I graduated from University of Maryland College Park (UMCP) with a Bachelor of Arts degree in Dance. Since graduation, I have been at the forefront and background of different dance organizations and have traveled around the world as a result of my passion for dance.

The first company I danced with was Lesole’s Dance Project, a traditional South African dance company where I was able to hone in on my leadership, creativity, organizational skills, and learn and appreciate a new form of dance. I served as rehearsal director, administrative and fundraising support staff and learned how to make a dance company successful. The Director and I worked together to create and organize an edu-dance program for young students in South Africa, which we were successful in implementing two years in a row.

In 2011, I was invited to Copenhagen, Denmark as a visiting artist to explore the country’s culture and art. As a result, REVISION dance collaborative (a company in which I co-directed its first season) had the opportunity to perform in and be part of the Kids Euro Festival where we performed in locations throughout Washington, DC.

How did you hear about Young Audiences?

I heard about Young Audiences through Laura Schandelmeir, who had partnered with Young Audiences through the Maryland Wolf Trap program as a teaching artist. Laura was one of my professors at UMCP and is a wonderful dance educator, and someone whom I have had the opportunity to be inspired by.

You recently completed the Teaching Artist Institute (TAI) Seminar this spring. What was your favorite part of the program? How has that experience changed your approach to a program or your teaching practices?

Saying that I loved the TAI program is an understatement. Though I have been working with students within and outside of the classroom for years, I felt that this program truly changed the way I think about and approach my lessons, teachers, and students. I really appreciated Karen Bernstein, the dance facilitator on staff. Karen truly guided and provided me with advice so I could grow. I felt that Karen was the true support that I needed. She gave me feedback when I needed it; let me struggle in order to figure out what I needed to do; and was there when I needed encouragement. So often in programs like this, artists just receive a generalization of arts education/arts integration and then have to figure out: “What should I do with my art form and where do I start?” It was helpful to receive a plethora of examples from different artists. I enjoyed that the staff was fun and made the experience fun.

What made you decide to become a YA roster artist?

I initially joined Young Audiences as a Maryland Wolf Trap Teaching Artist serving preschool classrooms. In my first year on the Young Audiences roster, my opportunities have grown tremendously to reach older students and I am appreciative of that. Being part of the Young Audiences organization, I truly feel like I am growing and developing as an artist–where I am right now in my career is exactly where I want to be. Taking this journey has allowed me to focus on my career, taking everything that I have learned and witnessed throughout the early stages in my career, and create something new.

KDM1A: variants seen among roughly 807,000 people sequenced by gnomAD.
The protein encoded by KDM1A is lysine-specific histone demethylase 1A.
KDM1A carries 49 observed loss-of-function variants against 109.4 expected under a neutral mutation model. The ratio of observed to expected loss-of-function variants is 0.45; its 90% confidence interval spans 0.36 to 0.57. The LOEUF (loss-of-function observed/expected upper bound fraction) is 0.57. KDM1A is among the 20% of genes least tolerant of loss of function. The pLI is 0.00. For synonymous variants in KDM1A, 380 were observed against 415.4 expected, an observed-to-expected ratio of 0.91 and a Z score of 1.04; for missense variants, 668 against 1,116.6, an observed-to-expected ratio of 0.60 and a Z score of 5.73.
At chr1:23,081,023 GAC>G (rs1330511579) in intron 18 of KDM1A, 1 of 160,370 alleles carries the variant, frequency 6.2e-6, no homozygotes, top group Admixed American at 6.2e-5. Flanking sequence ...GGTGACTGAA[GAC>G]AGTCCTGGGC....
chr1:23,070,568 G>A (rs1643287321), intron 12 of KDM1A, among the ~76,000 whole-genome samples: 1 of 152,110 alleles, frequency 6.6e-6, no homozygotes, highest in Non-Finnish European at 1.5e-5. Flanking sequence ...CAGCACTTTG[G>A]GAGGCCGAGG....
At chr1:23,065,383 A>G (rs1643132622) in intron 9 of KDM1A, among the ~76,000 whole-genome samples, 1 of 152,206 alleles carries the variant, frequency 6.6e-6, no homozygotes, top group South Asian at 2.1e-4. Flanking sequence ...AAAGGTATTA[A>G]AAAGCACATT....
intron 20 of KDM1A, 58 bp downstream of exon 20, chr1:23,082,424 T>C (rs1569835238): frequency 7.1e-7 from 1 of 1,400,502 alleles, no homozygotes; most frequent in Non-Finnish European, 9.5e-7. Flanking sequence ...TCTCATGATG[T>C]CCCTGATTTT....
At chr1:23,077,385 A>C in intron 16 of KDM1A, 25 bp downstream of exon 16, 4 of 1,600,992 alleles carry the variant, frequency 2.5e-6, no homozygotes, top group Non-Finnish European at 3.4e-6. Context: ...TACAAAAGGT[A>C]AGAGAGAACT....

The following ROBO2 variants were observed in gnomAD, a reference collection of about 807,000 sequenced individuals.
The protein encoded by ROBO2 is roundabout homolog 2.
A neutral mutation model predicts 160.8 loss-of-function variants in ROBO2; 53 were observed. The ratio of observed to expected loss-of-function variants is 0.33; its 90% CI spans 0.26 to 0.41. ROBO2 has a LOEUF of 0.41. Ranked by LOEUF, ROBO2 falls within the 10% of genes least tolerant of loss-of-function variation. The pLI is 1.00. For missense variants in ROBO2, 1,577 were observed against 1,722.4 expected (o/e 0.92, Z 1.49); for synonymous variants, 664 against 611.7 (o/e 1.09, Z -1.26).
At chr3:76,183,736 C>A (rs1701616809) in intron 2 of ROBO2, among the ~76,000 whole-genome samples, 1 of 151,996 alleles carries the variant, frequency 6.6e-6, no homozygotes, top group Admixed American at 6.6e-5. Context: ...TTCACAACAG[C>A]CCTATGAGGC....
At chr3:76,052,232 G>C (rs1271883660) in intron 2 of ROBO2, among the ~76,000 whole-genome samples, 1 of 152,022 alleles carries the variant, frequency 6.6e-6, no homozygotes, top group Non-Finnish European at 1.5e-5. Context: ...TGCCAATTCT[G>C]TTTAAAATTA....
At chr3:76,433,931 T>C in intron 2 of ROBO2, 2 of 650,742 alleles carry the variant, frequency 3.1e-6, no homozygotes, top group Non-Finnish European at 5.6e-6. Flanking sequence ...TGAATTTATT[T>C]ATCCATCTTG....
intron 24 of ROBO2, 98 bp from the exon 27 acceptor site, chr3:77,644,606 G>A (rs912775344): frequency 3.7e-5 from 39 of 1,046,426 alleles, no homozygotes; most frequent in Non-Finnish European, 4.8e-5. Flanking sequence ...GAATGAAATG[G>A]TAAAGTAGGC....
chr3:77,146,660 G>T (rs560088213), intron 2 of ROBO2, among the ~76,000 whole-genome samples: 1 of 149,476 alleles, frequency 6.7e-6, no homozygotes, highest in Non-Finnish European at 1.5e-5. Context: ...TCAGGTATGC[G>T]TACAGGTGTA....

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Have you had any programs through YA yet? If yes, what was the most memorable part? If no, what are you most looking forward to?

I love teaching within the classroom and working with the teacher and the students to explore learning and understanding subject matter through movement. I am really looking forward to assemblies!

Why do you believe art is important for every student to have access to?

Children need to be allowed to think creatively and develop their own opinions. They need to develop their critical thinking skills at an early stage so that they have a clear understanding of why they think the way they do and why they feel a certain way about different situations. They have to develop their own understanding of how to accomplish tasks. The arts provide a creative outlet by allowing them to explore, imagine, and test new ideas. The arts target a different area of their brain, and once students have this experience it opens them to new possibilities. It allows them to take risks in the classroom that they may have been shy to before an arts experience. The arts help to develop self-confidence.

What does your art form in particular teach students?

Self-confidence, patience, respect for self and others, and focus. It also gives them an understanding of their own bodies–they find out new and exciting things that their limbs can explore, plus they learn their own limitations and to appreciate what others can do.